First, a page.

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Title: Molecular characterisation of squamous cell carcinoma antigen recognised by T-cells 3, an adaptor protein of ubiquitin specific protease 15
Author: Grazette, Affif
ISNI:       0000 0004 5921 0256
Awarding Body: University of Nottingham
Current Institution: University of Nottingham
Date of Award: 2016
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The deubiquitinating enzyme USP15, a member of the USP family, reverses the process of ubiquitination thereby altering the fate of a plethora of substrates. As such, USP15 has been implicated in a numerous important cellular pathways including cell cycle progression, transcriptional modification and DNA damage repair. The spliceosomal subunit recycling protein SART3 has been shown to bind to USP15 enhancing its deubiquitination of histone H2B thereby providing histone dimers for reassembly during subsequent rounds of transcription and splicing. Furthermore SART3 has also been shown to bind to USP4, a close homologue of USP15. In addition to this histone chaperone activity, SART3 primarily functions by mediating the re-annealing of the U4 and U6 snRNPs to facilitate consequent rounds of splicing in addition to its implication in several disease states including numerous cancer types and HIV through interactions with various cellular proteins. In this thesis ITC, ESI-MS, analytical size exclusion, X-ray crystallography, SAXS and pull-down assays are used to characterise the interaction between USP15 and SART3, solve the structure of the N-terminus of SART3 and identify novel binding partners of the USP15-SART3 complex. The structure of SART3’s N-terminus (residues 96-574) has been solved to 3.04Å, revealing that it is a homodimer comprised of a series of anti-parallel α-helices that form a shape reminiscent of a bowtie. This dimeric arrangement is retained in solution and can bind two molecules of USP15DU. The DU-finger of USP15 plays a pivotal role in co-ordinating the binding interaction with SART3, as small changes to this region can affect the nanomolar affinity interaction between USP15 and SART3. In addition the USP15-SART3 complex appears to interact with several cellular proteins which could have significant impact in several disease states.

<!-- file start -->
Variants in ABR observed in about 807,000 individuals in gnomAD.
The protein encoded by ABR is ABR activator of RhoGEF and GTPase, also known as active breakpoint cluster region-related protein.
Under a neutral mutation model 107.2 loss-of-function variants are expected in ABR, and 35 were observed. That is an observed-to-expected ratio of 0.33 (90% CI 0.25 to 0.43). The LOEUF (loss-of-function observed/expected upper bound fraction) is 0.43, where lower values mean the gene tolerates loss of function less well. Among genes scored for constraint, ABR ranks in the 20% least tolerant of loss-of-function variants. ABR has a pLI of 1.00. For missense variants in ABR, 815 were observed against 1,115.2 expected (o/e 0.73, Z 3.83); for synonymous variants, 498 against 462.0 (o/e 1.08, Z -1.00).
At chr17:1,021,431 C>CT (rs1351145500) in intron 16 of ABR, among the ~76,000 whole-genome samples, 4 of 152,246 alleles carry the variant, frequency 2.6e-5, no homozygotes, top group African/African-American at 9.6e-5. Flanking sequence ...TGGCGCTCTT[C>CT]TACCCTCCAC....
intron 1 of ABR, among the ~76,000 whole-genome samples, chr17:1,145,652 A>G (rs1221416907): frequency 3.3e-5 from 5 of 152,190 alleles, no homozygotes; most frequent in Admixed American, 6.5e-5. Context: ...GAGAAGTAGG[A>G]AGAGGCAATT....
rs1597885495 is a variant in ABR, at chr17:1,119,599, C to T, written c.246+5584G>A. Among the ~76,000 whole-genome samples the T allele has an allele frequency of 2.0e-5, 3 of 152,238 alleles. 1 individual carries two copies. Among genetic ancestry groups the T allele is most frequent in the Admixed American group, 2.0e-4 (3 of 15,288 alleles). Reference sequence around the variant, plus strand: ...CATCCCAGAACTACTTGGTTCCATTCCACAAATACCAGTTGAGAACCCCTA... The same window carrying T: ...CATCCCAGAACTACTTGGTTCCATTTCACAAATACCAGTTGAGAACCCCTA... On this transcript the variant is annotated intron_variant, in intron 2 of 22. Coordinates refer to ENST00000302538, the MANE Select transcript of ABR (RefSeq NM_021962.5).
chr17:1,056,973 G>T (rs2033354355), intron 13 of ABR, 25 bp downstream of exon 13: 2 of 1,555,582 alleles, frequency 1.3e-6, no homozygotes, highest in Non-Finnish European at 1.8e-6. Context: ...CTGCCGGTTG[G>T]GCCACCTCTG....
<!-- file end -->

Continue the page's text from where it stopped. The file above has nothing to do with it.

Supervisor: Not available Sponsor: Not available
Qualification Name: Thesis (Ph.D.) Qualification Level: Doctoral
EThOS ID:  DOI: Not available
Keywords: QP501 Animal biochemistry